bound) difference in QTcF from placebo after
baseline-correction was 19.5(21.8) ms and 5.6
(7.4) ms after 15 minute intravenous infusions
of 32 mg and 8 mg ZOFRAN, respectively.
QTc interval prolongation was studied in a
double-blind, multiple dose, placebo- and
positive-controlled crossover study in young
(N=13, 20 to 39 years) and elderly (N=13, 65
to 78 years) subjects. After 7 days of dosing
with QUALAQUIN 648 mg three times daily,
the maximum mean (95% upper confidence
bound) differences in QTcI from placebo after
baseline correction was 27.7 (32.2) ms.
QRS prolongation noted.
QTcF interval was evaluated in a randomized,
single dose, placebo and active (moxifloxacin
400 mg once-daily) controlled crossover study
in 80 healthy adults. The maximum mean (95%
upper confidence bound) differences in QTcF
from placebo after pre-dose baseline-correction
were 14.1 (16.1) and 36.6 (38.6) ms for 100 mg
and supratherapeutic 300 mg ANZEMET
administered intravenously, respectively.
QRS prolongation noted.
56 mg oral*
Dose has not been
tested in TQT study.
anticipated effect is 10
to 12 ms.
32 mg given by 15
min IV infusion.
Based on TQT study
ΔΔQTc= 19.5 ms.
Cmax: 281 ng/mL
648 mg oral*
In a PK study in HV
(n=24) the mean
change from baseline
QTc at Tmax was
Cmax 3.2 µg/mL.
Expected increase in
QTc of 12 ms based on
the PK/PD model.
100 mg PO*
This value was
extrapolated from the
200 mg oral dose in
the label (556 ng/mL
with 28% coefficient
of variation). The
Cmax from 100 mg IV
was 310 [SD= 65.7]
ng/mL in the TQT
648 mg q8h x 4 (3
doses on Day 1 and a
morning dose on Day
After the 4th dose
(~75% of Cmax), the
concentration is 5.1
µg/mL and the
anticipated QTc is ~
150 mg IV by 15 min
Dose chosen for an
expected QTcF of
about 20 ms, based
- Linear PK in the 50200 mg IV dose range
- From TQT
ng/mL will result in
increases in QTcF that
are 20 ms or greater.
400 mg po*
800 mg IV
Cmax: 2.95 µg/mL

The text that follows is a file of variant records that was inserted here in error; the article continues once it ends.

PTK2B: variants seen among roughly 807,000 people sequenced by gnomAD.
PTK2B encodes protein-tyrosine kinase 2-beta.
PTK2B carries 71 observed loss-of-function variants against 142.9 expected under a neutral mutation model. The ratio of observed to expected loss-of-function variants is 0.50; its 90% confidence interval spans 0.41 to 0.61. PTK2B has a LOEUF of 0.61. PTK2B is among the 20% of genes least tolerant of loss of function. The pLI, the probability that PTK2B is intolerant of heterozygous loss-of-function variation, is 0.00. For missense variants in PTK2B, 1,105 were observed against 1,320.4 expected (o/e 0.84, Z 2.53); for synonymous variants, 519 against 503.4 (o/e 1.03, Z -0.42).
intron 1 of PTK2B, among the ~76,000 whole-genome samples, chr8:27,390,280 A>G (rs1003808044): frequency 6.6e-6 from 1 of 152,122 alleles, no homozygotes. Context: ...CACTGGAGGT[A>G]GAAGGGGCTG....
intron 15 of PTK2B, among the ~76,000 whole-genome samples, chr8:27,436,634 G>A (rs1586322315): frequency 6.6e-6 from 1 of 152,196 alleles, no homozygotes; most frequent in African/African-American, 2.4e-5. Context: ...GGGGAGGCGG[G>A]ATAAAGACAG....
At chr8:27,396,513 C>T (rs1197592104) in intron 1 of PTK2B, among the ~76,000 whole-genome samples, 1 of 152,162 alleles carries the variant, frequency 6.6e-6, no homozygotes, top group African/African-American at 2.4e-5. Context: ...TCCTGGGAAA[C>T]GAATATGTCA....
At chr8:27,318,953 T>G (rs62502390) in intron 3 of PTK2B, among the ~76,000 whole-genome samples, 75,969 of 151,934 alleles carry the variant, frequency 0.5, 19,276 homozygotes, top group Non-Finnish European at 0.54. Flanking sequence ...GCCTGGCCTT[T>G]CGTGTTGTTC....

Mean ΔΔQTc = ~20
Mean ΔΔQTc = 10-14
Increase in QT interval is directly related to
dofetilide dose and plasma concentration. The
relationship in normal volunteers between
dofetilide plasma concentrations and change in
QTc is linear, with a positive slope of
approximately 15-25 ms per ng/mL after the
0.125 mg oral*
0.25 mg oral
Cmax: 0.5 ng/mL
QTc ~ 20 ms
A QT/QTc study using a single dose of 30 mg
of levocetirizine did not demonstrate an effect
on the QTc interval.
5 mg (therapeutic
QTc ~ 10 ms
30 mg oral (supratherapeutic dose TQT
Mean ∆∆QTc 1.1 ms
Cmax: 1.3 µg/mL
* Dose suggested by FDA
The identity of treatments will be blinded to subjects and the investigating site staff involved in
the study assessments (third party dosing).
4. DATA ANALYSIS
A key element for the use of data from SAD studies to replace a TQT study is an appropriate
analysis. Since subjects in a SAD study are divided into a large number of cohorts receiving
different doses of the drug, an ANOVA type per timepoint analysis with treatment as factor
seems inappropriate. In contrast, an exposure-response (ER) analysis can make optimal use of the
totality of doses and timepoints.
4.1 Primary analysis:
The primary analysis of the drug-induced QTc prolongation will be based on the ER analysis of